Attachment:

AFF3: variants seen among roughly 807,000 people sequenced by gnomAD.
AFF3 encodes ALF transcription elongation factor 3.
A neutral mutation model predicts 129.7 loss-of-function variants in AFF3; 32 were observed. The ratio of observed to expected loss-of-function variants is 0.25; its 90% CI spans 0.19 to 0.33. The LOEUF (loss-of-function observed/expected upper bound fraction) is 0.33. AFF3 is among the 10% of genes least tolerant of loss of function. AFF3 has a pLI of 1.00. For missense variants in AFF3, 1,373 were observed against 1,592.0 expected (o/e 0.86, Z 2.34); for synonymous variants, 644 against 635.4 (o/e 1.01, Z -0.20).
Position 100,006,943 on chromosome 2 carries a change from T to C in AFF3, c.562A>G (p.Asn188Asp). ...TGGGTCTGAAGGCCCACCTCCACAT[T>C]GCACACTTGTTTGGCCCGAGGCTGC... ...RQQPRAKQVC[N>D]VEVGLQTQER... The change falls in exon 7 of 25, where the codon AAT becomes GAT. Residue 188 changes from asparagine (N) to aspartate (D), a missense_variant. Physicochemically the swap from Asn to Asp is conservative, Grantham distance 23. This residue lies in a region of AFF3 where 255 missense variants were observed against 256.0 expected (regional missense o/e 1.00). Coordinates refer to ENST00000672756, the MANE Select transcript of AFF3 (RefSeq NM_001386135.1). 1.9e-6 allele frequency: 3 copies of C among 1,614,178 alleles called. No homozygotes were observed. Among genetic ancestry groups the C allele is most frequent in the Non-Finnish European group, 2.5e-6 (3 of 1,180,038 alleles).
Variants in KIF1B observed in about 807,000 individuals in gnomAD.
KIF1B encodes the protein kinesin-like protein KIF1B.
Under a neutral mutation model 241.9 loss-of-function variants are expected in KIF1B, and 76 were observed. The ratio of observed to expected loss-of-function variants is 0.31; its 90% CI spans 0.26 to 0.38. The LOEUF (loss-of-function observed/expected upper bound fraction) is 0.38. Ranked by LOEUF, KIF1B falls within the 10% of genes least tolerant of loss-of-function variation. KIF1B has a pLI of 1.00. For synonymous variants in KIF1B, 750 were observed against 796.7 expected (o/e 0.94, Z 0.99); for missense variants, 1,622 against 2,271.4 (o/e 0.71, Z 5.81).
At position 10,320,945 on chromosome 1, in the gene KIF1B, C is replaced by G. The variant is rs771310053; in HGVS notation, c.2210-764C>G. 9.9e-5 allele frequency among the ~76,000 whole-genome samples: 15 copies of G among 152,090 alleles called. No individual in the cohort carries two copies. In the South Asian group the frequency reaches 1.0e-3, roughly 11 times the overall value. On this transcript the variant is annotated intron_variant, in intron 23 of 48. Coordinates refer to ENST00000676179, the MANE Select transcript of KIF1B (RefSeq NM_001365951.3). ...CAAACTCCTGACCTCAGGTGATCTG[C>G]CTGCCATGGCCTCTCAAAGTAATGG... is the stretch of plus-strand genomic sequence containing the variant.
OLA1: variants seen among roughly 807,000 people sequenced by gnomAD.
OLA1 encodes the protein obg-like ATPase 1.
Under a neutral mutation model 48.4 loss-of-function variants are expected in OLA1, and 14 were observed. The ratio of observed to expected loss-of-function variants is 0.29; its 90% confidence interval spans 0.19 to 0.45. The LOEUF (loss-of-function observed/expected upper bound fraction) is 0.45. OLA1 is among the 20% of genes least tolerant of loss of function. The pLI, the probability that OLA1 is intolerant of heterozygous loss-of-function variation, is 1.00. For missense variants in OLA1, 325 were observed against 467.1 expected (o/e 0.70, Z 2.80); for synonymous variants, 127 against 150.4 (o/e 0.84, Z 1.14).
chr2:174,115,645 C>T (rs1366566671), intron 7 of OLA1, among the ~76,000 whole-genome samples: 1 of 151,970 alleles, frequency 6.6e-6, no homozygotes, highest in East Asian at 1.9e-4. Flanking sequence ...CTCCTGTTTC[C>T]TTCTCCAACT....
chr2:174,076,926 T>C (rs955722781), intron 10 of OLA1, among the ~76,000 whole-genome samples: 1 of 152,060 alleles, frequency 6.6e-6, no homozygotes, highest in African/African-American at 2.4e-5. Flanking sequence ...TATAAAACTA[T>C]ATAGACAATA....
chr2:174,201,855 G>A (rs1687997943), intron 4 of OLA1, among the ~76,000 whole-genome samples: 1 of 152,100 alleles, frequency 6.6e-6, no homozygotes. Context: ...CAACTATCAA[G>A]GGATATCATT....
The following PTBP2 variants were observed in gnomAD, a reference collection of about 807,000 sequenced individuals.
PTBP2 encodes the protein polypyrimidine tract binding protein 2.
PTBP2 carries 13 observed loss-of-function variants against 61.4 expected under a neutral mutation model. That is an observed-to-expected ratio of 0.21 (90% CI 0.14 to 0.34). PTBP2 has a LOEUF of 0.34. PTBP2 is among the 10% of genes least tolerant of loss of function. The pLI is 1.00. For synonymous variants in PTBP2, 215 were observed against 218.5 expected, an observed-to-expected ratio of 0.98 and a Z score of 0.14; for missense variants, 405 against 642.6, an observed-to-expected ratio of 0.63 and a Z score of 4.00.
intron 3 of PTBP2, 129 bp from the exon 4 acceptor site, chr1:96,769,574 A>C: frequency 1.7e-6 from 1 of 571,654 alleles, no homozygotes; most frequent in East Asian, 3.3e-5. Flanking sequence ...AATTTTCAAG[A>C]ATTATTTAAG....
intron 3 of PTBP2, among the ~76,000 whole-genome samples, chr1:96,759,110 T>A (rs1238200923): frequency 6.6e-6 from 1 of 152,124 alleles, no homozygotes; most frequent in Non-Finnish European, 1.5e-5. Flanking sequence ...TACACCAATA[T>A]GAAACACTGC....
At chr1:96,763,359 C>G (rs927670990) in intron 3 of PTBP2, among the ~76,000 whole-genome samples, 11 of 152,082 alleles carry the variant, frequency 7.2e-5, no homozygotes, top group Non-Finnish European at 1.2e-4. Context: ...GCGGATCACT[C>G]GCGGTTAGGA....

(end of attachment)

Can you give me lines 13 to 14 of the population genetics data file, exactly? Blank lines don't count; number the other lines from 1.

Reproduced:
chr2:174,076,926 T>C (rs955722781), intron 10 of OLA1, among the ~76,000 whole-genome samples: 1 of 152,060 alleles, frequency 6.6e-6, no homozygotes, highest in African/African-American at 2.4e-5. Flanking sequence ...TATAAAACTA[T>C]ATAGACAATA....
chr2:174,201,855 G>A (rs1687997943), intron 4 of OLA1, among the ~76,000 whole-genome samples: 1 of 152,100 alleles, frequency 6.6e-6, no homozygotes. Context: ...CAACTATCAA[G>A]GGATATCATT....